Judges 7:21
And they stood every man in his place round about the camp; and all the host ran, and cried, and fled.
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(21) Ran, and cried, and fled.—They ran about to discover the meaning of the trumpet-blast. Their “cries” were either the wail of despair (Vulg., ululantes), or a number of confused shouts and words of command (LXX., esêmainan); their flight would be a natural result of the hopeless terror and confusion which prevailed. The word, however, in the Kethibh, or written text, is yanîsoo, which means “caused to fly”—i.e., “carried off their tents,” &c.

Jdg 7:21-22. They stood — As if they had been torch-bearers to the several companies. Every man’s sword against his fellow — They slew one another, because they suspected treachery, and so fell upon those they first met with; which they might more easily do, because they consisted of several nations, because the darkness of the night made them unable to distinguish friends from foes, because the suddenness of the thing struck them with horror and amazement, and because God had infatuated them, as he had done many others.7:16-22 This method of defeating the Midianites may be alluded to, as exemplifying the destruction of the devil's kingdom in the world, by the preaching of the everlasting gospel, the sounding that trumpet, and the holding forth that light out of earthen vessels, for such are the ministers of the gospel, 2Co 4:6,7. God chose the foolish things of the world to confound the wise, a barley-cake to overthrow the tents of Midian, that the excellency of the power might be of God only. The gospel is a sword, not in the hand, but in the mouth: the sword of the Lord and of Gideon; of God and Jesus Christ, of Him that sits on the throne and the Lamb. The wicked are often led to avenge the cause of God upon each other, under the power of their delusions, and the fury of their passions. See also how God often makes the enemies of the church instruments to destroy one another; it is a pity that the church's friends should ever act like them.The effect to the Midianites would be, that they were surrounded by a mighty host. Their own camp being in darkness, as soon as the confusion of flight began they would mistake friends for foes, and fleers for pursuers. When once fighting had begun by the first casual mistake, the clashing of swords and the shouts of the combatants in the camp, accompanied by the continuous blowing of Gideon's trumpets outside, would make it appear that the whole of the enemy was in the camp. Suspicion of treachery on the part of their allies would also be likely to arise in the minds of Midianites, Amalekites, and Arabs. Compare a similar scene in marginal references. Jud 7:16-24. His Stratagem against Midian.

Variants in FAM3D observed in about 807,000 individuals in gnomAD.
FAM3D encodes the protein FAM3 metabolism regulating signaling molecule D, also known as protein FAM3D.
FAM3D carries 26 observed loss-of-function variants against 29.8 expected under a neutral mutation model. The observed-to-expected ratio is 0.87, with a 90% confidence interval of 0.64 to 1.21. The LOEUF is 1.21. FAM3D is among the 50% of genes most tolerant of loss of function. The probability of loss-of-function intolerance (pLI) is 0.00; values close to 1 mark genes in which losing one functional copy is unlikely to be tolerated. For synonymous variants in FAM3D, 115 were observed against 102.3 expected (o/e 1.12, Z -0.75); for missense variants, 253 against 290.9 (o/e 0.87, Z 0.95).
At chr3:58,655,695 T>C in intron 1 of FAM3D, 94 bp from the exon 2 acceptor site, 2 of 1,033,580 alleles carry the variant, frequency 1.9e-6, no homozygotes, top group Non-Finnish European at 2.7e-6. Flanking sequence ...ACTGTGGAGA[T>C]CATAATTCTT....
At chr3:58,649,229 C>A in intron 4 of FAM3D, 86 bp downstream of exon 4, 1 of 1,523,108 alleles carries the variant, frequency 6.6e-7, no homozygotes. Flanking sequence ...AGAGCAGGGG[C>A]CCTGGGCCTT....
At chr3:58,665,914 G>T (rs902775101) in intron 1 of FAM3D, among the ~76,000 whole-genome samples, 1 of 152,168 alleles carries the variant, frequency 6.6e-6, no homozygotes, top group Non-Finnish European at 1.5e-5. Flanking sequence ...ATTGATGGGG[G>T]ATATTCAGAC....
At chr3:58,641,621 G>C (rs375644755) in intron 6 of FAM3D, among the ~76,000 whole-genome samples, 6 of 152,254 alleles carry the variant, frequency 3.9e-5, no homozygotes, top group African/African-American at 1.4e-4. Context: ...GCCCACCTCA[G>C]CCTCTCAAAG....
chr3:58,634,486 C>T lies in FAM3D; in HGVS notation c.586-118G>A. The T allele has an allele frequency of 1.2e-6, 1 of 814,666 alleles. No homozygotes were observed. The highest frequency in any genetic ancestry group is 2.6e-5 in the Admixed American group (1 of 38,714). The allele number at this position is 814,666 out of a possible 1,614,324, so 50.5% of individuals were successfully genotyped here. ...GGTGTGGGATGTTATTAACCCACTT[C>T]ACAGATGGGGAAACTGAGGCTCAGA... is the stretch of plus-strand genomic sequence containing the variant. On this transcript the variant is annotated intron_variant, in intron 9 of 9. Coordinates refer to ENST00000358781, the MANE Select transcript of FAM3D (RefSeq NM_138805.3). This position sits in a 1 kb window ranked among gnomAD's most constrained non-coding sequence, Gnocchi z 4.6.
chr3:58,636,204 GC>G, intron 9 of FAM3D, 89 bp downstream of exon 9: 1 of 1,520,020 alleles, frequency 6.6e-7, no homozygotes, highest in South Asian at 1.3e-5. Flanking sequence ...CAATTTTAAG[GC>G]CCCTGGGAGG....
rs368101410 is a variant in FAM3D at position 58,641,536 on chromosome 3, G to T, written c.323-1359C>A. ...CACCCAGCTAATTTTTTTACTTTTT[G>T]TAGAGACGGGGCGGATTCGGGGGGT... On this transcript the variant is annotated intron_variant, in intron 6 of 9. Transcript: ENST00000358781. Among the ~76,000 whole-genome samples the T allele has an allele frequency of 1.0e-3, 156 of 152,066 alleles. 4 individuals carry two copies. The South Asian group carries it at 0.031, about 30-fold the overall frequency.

16-22. he divided the three hundred men into three companies—The object of dividing his forces was, that they might seem to be surrounding the enemy. The pitchers were empty to conceal the torches, and made of earthenware, so as to be easily broken; and the sudden blaze of the held-up lights—the loud echo of the trumpets, and the shouts of Israel, always terrifying (Nu 23:21), and now more terrible than ever by the use of such striking words, broke through the stillness of the midnight air. The sleepers started from their rest; not a blow was dealt by the Israelites; but the enemy ran tumultuously, uttering the wild, discordant cries peculiar to the Arab race. They fought indiscriminately, not knowing friend from foe. The panic being universal, they soon precipitately fled, directing their flight down to the Jordan, by the foot of the mountains of Ephraim, to places known as the "house of the acacia" [Beth-shittah], and "the meadow of the dance" [Abel-meholah].

Every man in his place; as if they had only been torchbearers to the several companies. And they stood every man in his place around the camp,.... To see the salvation of God, and that it might most clearly appear to be his own doing; and indeed, had they gone into it, they could have done nothing; they had no weapons in their hands, a trumpet in one hand, and a lamp in the other; though this their position served to increase the terror of the enemy, who might suppose that they stood either to light and introduce a large army at the back of them; or to light the forces already in the midst of them, while they destroyed them; which latter seems rather to be the thing their imaginations were possessed with, since they fell to slaying their fellows, supposing them to be enemies, as in the following verse: